- The Washington Times - Wednesday, October 25, 2017

Sixty-four percent of Americans including 51 percent of Republicans favor legalizing marijuana, according to the results of a Gallup poll released Wednesday — the highest level of public support from either demographic ever recorded.

A round of polling conducted earlier this month among 1,028 randomly selected Americans suggest support for legalization is up nearly across the board, Gallup said.

Gallup pollsters have been surveying Americans about marijuana legalization since 1969, periodically asking respondents: “Do you think the use of marijuana should be made legal, or not?”

While only 12 percent of respondents answered affirmatively during the first year of polling, that statistics increased over the decades to 25 percent in 1970, 34 percent in 2001 and 60 percent in 2016 — a record shattered by the 64 percent of respondents who replied “yes” to the latest round of questioning, Gallup said Wednesday.

The newest results also mark the first time that a majority of both Democrats and Republicans acknowledged supporting legalization, according to pollsters.

Democrats have historically supported legalizing marijuana and became the first partisan group to see majority support for the matter in 2009, Gallup said. For the first time ever, however, a majority of Republicans — 51 percent — told pollsters they approve legalization, Gallup said.

Seventy-two percent of Democrats told pollsters this month they support legalizing marijuana, up from 67 percent in 2016, according to the results published Wednesday. Sixty-seven percent of Independents, meanwhile, said they support legalizing marijuana, down from 70 percent last year, Gallup said.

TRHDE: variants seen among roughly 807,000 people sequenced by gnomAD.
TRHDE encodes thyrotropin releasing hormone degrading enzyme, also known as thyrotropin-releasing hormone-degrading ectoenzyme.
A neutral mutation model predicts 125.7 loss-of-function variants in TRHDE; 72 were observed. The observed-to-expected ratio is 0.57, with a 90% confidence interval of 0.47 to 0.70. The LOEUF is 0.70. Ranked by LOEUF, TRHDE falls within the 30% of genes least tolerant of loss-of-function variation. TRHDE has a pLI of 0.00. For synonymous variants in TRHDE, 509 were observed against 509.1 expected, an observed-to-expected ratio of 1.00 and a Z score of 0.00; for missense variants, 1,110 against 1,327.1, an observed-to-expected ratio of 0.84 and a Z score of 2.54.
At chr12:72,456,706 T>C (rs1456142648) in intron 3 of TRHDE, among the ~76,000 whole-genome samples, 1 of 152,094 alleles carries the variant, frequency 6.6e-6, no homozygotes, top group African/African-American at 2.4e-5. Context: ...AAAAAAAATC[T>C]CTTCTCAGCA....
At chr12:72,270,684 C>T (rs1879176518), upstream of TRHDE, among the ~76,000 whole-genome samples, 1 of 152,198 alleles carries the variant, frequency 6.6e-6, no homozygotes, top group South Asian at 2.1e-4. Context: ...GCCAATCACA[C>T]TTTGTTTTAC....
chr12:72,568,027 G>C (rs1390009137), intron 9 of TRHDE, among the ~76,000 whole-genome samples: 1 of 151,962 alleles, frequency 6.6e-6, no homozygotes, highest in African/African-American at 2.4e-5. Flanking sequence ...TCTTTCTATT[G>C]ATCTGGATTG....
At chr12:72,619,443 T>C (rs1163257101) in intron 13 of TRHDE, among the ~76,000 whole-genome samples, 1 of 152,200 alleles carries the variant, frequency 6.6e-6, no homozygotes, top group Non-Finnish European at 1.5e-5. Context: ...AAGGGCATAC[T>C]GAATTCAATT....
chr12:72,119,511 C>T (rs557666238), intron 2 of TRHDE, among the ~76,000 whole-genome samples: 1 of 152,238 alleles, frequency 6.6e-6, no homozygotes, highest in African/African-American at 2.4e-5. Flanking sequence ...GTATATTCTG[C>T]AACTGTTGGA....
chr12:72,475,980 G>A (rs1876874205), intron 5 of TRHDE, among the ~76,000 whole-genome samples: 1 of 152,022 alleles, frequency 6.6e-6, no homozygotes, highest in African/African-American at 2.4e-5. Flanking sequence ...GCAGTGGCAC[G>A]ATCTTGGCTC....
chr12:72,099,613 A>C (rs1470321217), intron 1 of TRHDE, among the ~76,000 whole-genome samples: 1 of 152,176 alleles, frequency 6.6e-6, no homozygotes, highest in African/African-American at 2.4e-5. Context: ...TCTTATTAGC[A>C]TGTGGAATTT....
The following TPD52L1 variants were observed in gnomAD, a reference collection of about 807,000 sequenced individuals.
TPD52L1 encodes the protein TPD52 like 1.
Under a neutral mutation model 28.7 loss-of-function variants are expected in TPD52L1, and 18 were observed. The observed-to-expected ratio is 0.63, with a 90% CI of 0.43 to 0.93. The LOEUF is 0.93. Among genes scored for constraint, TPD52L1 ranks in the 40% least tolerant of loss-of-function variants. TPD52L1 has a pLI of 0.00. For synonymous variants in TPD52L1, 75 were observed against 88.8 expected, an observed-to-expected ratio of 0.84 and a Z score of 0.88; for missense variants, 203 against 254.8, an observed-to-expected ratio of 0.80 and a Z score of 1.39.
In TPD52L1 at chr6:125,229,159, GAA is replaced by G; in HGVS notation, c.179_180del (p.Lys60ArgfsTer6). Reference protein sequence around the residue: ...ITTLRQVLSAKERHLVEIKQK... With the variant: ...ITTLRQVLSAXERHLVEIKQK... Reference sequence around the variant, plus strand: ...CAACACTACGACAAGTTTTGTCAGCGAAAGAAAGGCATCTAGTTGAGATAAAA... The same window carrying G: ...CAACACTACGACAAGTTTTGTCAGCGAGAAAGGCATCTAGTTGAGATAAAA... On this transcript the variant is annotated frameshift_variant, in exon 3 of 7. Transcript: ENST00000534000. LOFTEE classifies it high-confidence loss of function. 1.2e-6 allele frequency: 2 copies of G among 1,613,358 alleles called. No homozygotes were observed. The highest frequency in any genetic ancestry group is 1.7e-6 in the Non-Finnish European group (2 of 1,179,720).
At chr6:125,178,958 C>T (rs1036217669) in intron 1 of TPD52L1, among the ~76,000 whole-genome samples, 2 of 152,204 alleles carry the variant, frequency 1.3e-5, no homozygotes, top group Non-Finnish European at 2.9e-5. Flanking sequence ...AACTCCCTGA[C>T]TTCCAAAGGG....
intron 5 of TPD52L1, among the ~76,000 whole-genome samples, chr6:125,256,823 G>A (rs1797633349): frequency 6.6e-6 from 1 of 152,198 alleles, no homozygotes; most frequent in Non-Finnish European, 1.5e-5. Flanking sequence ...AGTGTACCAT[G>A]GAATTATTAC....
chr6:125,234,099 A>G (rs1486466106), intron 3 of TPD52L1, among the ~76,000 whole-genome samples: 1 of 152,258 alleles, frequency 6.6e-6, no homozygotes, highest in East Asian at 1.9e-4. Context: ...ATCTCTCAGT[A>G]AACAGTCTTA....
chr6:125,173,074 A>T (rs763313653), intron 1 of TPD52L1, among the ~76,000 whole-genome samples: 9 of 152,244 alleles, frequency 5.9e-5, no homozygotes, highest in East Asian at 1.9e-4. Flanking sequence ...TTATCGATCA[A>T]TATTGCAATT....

“It makes sense that support for ending marijuana prohibition is increasing,” said Morgan Fox, the director of communications for Marijuana Policy Project, the nation’s largest organization devoted to reforming cannabis laws. “Americans are tired of wasting resources arresting hundreds of thousands of individuals every year for using a substance that is safer than alcohol.

“As public support for ending marijuana prohibition continues to grow, it is crucial that states continue to be given the freedom to serve as laboratories of democracy,” Mr. Fox said. We urge the Department of Justice in particular to continue its policy of not interfering in states with well-regulated adult-use and medical marijuana programs while lawmakers catch up to the will of the people.”

California became the first state to legalize medical marijuana in 1996, paving the way for 28 other states and the nation’s capital to follow suit.

Coloradans voted in 2012 to legalize recreational marijuana, meanwhile, opening the door for the country’s first state-licensed retail pot shops to open in January 2014. Recreational marijuana has since been legalized in a total of eight states and D.C., including five where adults can purchase marijuana from government-regulated retail dispensaries: Colorado, Oregon, Alaska, Nevada and Washington state.

The federal government considers marijuana a Schedule 1 substance with no known medical benefits, but the Trump administration has refrained so far from interfering in states with medical and recreational marijuana laws in place.

• Andrew Blake can be reached at ablake@washingtontimes.com.

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